A spectacular amount of people were drawn into the streets on Tuesday 12 October for what was already the fourth “day of action” (mass demonstrations and strikes) in France since the beginning of September, reaching the record level of 3.5 million demonstrators nationwide.
No less than 244 demonstrations were reported nationally. 330,000 demonstrators in Paris, 230,000 in Marseilles, 145,000 in Toulouse,…the picture is the same everywhere. In Paris, some of the police sent to contain the demonstration joined the protests.
About 300 colleges and 400 secondary schools were disrupted by strike action, with students joining the protests all over the country. In Rouen, the school-student contingent on the march was four times bigger than on 2 October. “Sarko, you’re screwed, the youth are on the streets”, chanted students in Toulouse, as they joined the protests en masse for the first time.
Public transport, education, the metal and chemical industries, postal services, refineries and ports were significantly hit by strike action on Tuesday. But strikes were also reported in less “traditional” places: in Paris, hundreds of tourists were ushered away from the Eiffel Tower after the staff joined in the strike!
In the transport, the workers from the RATP (Parisian public transport) have voted in general assemblies for indefinite strike action from 12 October onwards. In a similar move, the SNCF (national railway network) unions have issued notice of renewable 24 hour strikes as well.
A strike at the port of Marseille’s Fos and Lavera oil terminals entered its 17th day. This strike and blockade is of strategic importance, since 40% of crude oil imported into France passes through these terminals. By their strike, the workers are hindering the supply of half the country’s oil storage sites! Also, workers at 11 of France’s 12 oil refineries, including all of TOTAL’s six sites, were on strike on Tuesday.
France: Biggest turnout in the streets for decades | socialistworld.net
The Strikewave spreads -
French youths battled riot police, truckers blocked roads and filling stations ran dry as protests escalated Monday against President Nicolas Sarkozy's plan to raise the retirement age from 60 to 62.
Police fired tear gas and rubber bullets at youths who set a car on fire, smashed bus stops and hurled rocks outside a school in Nanterre, near Paris, blocked by students protesting President Nicolas Sarkozy's pensions reform.
Youths threw petrol bombs at police outside a school in another Paris suburb, Combes-la-Ville, police said. In Lyon, hooded youngsters burned at least three cars they had overturned during clashes with riot police.
France24 - Tear gas and burning cars in pension reform protests
French motorists have begun a rush to petrol stations, despite assurances from the government and the oil sector that the country will not run out of fuel because of strikes at refineries and fuel depots.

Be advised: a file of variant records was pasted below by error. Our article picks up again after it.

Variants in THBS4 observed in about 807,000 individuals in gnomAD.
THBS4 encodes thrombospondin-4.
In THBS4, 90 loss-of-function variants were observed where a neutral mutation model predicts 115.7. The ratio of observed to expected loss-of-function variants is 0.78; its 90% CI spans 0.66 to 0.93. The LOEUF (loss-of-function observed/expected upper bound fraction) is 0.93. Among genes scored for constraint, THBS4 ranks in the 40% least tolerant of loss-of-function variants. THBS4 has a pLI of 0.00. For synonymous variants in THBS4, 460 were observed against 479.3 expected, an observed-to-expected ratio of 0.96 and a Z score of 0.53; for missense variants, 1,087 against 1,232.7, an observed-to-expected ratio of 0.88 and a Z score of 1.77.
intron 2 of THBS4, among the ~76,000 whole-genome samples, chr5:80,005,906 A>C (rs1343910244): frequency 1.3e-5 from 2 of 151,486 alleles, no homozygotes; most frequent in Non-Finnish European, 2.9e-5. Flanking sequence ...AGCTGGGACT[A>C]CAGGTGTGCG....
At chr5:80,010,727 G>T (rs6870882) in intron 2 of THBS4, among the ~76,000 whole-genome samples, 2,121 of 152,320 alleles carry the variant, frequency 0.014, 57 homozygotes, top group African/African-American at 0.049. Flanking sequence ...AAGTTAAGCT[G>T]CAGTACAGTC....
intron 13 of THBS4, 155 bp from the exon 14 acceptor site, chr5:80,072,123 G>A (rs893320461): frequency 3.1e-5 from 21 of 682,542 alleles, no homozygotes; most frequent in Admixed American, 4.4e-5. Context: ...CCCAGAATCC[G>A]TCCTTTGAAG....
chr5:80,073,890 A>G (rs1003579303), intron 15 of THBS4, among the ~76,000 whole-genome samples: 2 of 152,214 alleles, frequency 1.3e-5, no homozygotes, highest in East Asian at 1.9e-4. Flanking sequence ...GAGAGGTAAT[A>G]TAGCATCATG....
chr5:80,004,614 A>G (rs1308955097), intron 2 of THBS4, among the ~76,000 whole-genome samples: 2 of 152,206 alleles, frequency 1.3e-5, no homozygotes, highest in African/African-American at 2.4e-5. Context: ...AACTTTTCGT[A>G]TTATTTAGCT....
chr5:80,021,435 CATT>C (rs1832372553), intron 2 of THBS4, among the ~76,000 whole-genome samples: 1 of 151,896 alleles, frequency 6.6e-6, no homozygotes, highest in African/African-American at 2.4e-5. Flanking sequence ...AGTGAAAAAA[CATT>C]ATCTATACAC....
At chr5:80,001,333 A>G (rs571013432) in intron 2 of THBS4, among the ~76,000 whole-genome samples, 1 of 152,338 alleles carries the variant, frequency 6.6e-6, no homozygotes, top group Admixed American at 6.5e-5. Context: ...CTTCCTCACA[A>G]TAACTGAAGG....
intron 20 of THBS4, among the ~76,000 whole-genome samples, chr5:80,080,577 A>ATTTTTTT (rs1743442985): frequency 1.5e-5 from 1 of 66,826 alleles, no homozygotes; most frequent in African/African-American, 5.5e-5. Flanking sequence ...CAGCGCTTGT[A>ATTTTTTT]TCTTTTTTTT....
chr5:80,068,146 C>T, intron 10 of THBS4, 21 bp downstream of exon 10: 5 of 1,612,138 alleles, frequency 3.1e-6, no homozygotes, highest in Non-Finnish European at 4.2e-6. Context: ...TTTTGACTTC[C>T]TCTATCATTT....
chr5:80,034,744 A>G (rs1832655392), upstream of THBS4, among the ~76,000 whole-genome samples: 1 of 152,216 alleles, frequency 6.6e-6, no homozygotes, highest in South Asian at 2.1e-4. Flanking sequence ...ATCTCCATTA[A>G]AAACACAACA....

France24 - Motorists rush to refuel even as government reassures
Unions said between 2.5 million and 3 million had taken to the streets on Saturday.
The French president is determined to stand firm on his plans to raise the retirement age, but unions have staged weeks of nationwide demonstrations to try to force him to back down. Five-day-old rail and refinery strikes are piling pressure on the government by disrupting travel.
Public and private sector employees and students marched in dozens of cities, with the biggest crowd assembling in Paris. The mood was upbeat, with disco music blaring, horns honking and chants of "All Together."
France24 - French unions and police at odds over protester numbers
French unions on Thursday called a nationwide strike for Oct. 19, hoping to galvanise the country into a drawn-out confrontation with the government over a proposed rise in the retirement age.
With some French people already fearing a national protest similar to one which paralysed the country in 1995, motorists have begun panic-buying of fuel after industrial action closed refineries and halted trains.
During protests on Thursday secondary school students chanted "Sarko, you're screwed, youths are in the street," as they marched through Paris.
"Young people are fighting for their future, and this is not the reform they want," Victor Grezes, a representative of secondary school students' union UNL, told Reuters TV.
The government insists it will see through a reform needed to clean up its finances and retain France's AAA credit rating.
However, a poll released on Thursday showed two-thirds of French people believe the sectoral stoppages could grow into a broad national protest movement that could paralyse the country as in 1995, when a 24-day strike crushed a pension overhaul.
France24 - Unions call for new protests Oct. 19 as strikes continue for third day